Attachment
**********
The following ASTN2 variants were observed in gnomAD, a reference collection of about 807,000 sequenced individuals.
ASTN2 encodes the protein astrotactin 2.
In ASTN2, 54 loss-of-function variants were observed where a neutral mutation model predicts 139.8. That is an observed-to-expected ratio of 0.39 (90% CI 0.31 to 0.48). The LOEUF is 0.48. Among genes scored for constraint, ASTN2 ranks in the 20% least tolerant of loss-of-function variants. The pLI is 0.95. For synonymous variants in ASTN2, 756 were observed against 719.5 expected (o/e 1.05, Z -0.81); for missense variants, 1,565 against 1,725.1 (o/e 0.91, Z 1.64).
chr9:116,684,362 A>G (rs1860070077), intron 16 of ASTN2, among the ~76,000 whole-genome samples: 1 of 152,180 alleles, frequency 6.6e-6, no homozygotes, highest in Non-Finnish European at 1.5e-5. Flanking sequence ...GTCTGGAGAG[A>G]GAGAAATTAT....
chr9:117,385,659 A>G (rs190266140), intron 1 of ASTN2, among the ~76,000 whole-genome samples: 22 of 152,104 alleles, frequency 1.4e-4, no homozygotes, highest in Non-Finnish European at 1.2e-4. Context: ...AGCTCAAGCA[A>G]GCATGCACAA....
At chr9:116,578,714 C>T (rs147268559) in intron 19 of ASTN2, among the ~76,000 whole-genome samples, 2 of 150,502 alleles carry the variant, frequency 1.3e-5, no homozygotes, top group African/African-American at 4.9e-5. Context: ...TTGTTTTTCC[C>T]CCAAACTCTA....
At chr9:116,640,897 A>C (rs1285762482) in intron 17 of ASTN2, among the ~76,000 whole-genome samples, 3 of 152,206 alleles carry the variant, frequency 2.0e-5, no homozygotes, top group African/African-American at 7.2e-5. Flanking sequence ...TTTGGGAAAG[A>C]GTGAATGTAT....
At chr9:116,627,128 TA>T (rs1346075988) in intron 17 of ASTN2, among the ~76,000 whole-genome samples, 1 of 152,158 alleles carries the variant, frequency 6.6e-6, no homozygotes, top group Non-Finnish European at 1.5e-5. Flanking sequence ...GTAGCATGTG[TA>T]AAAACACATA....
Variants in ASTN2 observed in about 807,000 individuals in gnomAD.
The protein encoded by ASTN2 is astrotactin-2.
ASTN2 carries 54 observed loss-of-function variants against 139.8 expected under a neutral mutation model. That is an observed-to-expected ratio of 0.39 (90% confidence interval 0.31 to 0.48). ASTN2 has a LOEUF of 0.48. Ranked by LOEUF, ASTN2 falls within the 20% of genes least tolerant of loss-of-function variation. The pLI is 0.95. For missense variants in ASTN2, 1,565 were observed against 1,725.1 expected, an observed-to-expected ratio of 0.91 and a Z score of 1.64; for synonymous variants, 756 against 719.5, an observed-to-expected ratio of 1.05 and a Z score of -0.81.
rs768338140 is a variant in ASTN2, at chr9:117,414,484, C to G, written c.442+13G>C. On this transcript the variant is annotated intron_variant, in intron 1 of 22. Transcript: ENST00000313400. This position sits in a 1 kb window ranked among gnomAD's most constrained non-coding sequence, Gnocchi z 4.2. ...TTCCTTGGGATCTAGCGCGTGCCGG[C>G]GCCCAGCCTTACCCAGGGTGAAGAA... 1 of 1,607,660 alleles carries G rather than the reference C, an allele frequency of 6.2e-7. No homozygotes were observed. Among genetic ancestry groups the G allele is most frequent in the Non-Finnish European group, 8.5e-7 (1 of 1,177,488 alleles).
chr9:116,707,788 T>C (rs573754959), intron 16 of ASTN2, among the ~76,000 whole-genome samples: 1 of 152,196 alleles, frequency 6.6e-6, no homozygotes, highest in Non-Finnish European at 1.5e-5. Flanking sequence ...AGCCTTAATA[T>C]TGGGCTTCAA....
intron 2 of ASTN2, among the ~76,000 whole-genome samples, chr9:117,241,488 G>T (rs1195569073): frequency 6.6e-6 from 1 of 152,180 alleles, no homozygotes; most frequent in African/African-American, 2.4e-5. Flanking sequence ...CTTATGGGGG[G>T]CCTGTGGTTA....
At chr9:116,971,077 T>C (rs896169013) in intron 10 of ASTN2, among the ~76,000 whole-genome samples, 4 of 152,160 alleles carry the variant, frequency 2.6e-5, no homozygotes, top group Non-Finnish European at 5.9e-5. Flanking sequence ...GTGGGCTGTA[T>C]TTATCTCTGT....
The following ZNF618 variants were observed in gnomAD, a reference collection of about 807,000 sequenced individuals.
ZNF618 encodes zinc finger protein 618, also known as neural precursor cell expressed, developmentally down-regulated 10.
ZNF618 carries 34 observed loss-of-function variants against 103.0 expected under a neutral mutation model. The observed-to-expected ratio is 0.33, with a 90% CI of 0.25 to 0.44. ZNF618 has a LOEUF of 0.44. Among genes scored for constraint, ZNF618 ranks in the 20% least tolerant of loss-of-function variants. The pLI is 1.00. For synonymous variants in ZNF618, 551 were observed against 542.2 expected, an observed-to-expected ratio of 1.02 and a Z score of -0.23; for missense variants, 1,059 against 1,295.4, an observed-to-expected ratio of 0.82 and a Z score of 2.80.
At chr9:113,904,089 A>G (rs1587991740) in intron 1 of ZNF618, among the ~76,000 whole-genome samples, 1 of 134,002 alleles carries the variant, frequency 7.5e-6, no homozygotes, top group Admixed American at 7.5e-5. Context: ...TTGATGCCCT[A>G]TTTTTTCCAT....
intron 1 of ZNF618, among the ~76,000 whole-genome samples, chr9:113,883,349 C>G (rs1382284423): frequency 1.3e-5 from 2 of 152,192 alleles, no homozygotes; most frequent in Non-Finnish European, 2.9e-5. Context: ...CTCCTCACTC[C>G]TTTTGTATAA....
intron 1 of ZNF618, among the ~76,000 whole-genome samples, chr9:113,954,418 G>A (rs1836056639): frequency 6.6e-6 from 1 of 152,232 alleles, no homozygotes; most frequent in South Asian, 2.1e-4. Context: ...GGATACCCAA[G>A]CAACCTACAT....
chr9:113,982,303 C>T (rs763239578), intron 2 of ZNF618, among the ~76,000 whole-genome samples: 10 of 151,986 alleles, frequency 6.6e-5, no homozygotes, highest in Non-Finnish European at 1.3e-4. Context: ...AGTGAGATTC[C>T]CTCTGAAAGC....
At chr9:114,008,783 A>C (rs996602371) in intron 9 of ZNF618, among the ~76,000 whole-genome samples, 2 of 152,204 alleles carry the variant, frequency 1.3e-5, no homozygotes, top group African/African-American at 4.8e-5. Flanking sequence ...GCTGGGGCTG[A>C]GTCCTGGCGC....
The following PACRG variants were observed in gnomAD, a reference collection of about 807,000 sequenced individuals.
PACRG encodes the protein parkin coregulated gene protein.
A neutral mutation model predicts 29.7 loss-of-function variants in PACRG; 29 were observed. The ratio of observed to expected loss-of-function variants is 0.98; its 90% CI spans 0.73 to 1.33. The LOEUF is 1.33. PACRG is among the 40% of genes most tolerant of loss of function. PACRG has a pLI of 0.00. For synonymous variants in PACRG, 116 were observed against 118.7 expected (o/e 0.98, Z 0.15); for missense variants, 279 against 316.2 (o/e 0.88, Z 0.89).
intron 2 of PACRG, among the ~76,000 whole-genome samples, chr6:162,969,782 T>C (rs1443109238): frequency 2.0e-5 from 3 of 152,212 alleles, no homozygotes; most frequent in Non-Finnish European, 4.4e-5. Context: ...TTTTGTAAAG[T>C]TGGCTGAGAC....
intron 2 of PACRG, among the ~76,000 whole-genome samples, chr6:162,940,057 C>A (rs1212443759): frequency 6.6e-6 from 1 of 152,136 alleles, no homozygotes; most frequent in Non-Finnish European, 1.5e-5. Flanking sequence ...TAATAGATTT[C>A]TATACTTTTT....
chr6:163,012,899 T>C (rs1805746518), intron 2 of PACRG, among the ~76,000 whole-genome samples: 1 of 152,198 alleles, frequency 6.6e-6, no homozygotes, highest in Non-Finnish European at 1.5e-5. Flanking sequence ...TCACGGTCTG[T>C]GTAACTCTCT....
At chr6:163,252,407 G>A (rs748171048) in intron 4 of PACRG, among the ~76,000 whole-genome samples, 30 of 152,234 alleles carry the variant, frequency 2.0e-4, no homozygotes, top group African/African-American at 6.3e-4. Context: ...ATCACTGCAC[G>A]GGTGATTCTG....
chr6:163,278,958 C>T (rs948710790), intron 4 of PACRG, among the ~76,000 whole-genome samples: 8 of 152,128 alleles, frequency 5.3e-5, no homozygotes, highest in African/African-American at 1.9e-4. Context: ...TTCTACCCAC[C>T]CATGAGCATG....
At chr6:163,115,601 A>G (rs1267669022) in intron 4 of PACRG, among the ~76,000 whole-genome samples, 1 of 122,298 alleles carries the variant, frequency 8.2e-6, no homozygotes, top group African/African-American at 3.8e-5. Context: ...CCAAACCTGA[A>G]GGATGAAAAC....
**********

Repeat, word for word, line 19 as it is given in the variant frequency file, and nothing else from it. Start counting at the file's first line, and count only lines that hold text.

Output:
At chr9:113,904,089 A>G (rs1587991740) in intron 1 of ZNF618, among the ~76,000 whole-genome samples, 1 of 134,002 alleles carries the variant, frequency 7.5e-6, no homozygotes, top group Admixed American at 7.5e-5. Context: ...TTGATGCCCT[A>G]TTTTTTCCAT....